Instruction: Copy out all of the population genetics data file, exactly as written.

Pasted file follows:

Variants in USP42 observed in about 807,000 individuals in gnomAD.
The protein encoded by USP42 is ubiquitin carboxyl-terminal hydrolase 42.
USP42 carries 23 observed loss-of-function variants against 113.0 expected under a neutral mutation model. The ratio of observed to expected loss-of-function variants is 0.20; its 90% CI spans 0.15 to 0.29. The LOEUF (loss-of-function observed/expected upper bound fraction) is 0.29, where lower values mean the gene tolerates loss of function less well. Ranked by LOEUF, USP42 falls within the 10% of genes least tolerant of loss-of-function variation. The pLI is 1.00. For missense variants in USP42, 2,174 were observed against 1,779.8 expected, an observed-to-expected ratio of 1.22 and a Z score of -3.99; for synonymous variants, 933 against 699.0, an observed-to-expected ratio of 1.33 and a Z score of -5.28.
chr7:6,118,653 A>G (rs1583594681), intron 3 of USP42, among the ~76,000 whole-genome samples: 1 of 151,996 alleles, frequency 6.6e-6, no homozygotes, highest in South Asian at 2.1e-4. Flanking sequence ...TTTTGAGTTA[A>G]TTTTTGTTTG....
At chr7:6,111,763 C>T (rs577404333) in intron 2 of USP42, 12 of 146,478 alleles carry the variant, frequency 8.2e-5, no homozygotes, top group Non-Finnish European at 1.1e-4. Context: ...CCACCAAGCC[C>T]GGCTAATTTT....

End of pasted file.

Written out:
Variants in USP42 observed in about 807,000 individuals in gnomAD.
The protein encoded by USP42 is ubiquitin carboxyl-terminal hydrolase 42.
USP42 carries 23 observed loss-of-function variants against 113.0 expected under a neutral mutation model. The ratio of observed to expected loss-of-function variants is 0.20; its 90% CI spans 0.15 to 0.29. The LOEUF (loss-of-function observed/expected upper bound fraction) is 0.29, where lower values mean the gene tolerates loss of function less well. Ranked by LOEUF, USP42 falls within the 10% of genes least tolerant of loss-of-function variation. The pLI is 1.00. For missense variants in USP42, 2,174 were observed against 1,779.8 expected, an observed-to-expected ratio of 1.22 and a Z score of -3.99; for synonymous variants, 933 against 699.0, an observed-to-expected ratio of 1.33 and a Z score of -5.28.
chr7:6,118,653 A>G (rs1583594681), intron 3 of USP42, among the ~76,000 whole-genome samples: 1 of 151,996 alleles, frequency 6.6e-6, no homozygotes, highest in South Asian at 2.1e-4. Flanking sequence ...TTTTGAGTTA[A>G]TTTTTGTTTG....
At chr7:6,111,763 C>T (rs577404333) in intron 2 of USP42, 12 of 146,478 alleles carry the variant, frequency 8.2e-5, no homozygotes, top group Non-Finnish European at 1.1e-4. Context: ...CCACCAAGCC[C>T]GGCTAATTTT....